PENNSAUKEN, N.J. — Funnel cakes may be the next big thing on dessert menus, said Gerald Shreiber, founder, president and chief executive officer of J&J Snack Foods Corp. The Pennsauken-based company is set to debut its take on the classic carnival treat in hundreds of restaurant locations this spring, he said.
|Gerald Shreiber, founder, president and c.e.o. of J&J Snack Foods Corp.|
“Funnel cakes have been in our portfolio for a number of years,” Mr. Shreiber said during a Jan. 26 earnings call with financial analysts. “And like churros, where in the early ‘80s nobody knew what it was and now it's growing at a rapid clip, maybe, just maybe, funnel cakes will be the churros of the ‘20s, if you know what I mean…
“It’s not exactly lightning in a bottle, but maybe it's catching the lightning in a barrel because we do have a major chain that is going to be rolling out funnel cakes… and we could be the beneficiary of that six months from now.”
The company’s sales of funnel cakes in food service surged 58% in the recent quarter, contributing to double-digit earnings growth. For the first quarter ended Dec. 26, 2015, net earnings totaled $12,479,000, equal to 67c per share on the common stock, up 11% from earnings of $11,256,000, or 60c per share, for the prior-year period.
Net sales advanced 5% to $222,850,000 from year-ago sales of $212,752,000.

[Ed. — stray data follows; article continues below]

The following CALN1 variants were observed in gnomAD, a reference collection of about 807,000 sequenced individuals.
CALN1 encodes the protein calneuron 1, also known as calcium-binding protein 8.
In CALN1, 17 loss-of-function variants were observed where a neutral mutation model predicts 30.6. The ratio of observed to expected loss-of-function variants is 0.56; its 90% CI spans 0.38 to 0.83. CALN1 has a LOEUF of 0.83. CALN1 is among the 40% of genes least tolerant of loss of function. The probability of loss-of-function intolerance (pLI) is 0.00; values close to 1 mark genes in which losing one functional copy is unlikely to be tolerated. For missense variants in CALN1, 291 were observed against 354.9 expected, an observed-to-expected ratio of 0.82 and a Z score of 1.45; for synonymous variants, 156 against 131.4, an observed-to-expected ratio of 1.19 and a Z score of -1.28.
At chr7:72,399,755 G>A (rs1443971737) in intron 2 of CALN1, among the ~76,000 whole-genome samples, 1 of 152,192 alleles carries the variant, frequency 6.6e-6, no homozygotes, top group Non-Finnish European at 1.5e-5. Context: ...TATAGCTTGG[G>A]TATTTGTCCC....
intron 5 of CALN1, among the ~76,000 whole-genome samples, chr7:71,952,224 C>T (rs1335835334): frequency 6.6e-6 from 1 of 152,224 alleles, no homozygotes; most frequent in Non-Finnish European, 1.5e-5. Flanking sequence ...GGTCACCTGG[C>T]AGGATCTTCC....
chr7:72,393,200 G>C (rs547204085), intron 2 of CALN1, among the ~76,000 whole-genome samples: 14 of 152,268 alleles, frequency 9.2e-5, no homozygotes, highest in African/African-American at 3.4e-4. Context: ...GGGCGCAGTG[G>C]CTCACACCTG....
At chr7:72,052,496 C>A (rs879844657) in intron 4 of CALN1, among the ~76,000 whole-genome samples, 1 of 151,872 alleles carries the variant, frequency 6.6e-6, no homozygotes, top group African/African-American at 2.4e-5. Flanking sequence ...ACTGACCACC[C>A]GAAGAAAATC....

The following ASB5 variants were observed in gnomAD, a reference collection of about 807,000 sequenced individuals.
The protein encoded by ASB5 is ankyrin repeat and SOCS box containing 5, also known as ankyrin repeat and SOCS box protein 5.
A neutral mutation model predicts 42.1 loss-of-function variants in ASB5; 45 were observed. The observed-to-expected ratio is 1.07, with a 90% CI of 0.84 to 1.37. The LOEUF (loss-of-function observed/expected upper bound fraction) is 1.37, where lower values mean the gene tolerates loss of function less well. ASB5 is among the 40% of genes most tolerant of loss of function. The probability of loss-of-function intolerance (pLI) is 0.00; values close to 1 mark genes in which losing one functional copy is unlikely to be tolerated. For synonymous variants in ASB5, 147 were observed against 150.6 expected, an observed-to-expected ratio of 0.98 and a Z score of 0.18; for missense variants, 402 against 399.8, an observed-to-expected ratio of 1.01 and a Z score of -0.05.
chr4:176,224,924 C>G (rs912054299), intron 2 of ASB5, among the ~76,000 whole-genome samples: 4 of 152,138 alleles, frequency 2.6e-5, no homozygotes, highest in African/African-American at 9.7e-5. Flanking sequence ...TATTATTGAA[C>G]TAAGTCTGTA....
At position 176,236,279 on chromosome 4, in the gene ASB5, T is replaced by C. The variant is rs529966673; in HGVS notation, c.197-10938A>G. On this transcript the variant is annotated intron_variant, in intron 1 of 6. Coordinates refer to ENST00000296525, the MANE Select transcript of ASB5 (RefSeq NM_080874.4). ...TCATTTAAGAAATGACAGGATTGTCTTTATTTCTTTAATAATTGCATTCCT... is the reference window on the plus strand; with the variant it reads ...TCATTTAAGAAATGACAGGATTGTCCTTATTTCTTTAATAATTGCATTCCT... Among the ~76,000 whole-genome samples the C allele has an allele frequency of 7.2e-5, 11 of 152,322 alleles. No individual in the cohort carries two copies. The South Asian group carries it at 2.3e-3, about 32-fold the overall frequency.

Operating income advanced 11% to $18,360,000 from $16,610,000.
“Sales to food service customers increased 2% for the quarter, due in large part to increased sales of handhelds, up 19%, churros, up 7%, bakery, up 3%, and funnel cakes, up an amazing 58%,” Mr. Shreiber said. “Soft pretzel sales were down 5% for the quarter, with sales down primarily to warehouse club stores and restaurant chains, as they battle through issues of menu fatigue.
“Sales of products to retail supermarkets were down 5% for the quarter. Soft pretzel sales were down 5% for the quarter, and sales of frozen juice bars and Italian ices were down 1% in the quarter. Handheld sales in the quarter decreased to $3.9 million. ICEE, which includes Arctic Blast, Slush Puppie, and frozen beverages and related product, sales were up 17% in the quarter.”
As for the frozen handheld business, which has struggled in retail in recent quarters, Mr. Shreiber said the company remains hopeful.“There are some reasons for us to have some enthusiasm, perhaps subdued,” he said. “We have a major customer now that we have been dealing with for almost two years, and we have a backlog of products that we’re making for them out of one of our handheld plants that’s going to last into early spring. And we’re thinking, we’re cautiously optimistic, that we will be able to use this as a platform for others in the industry.”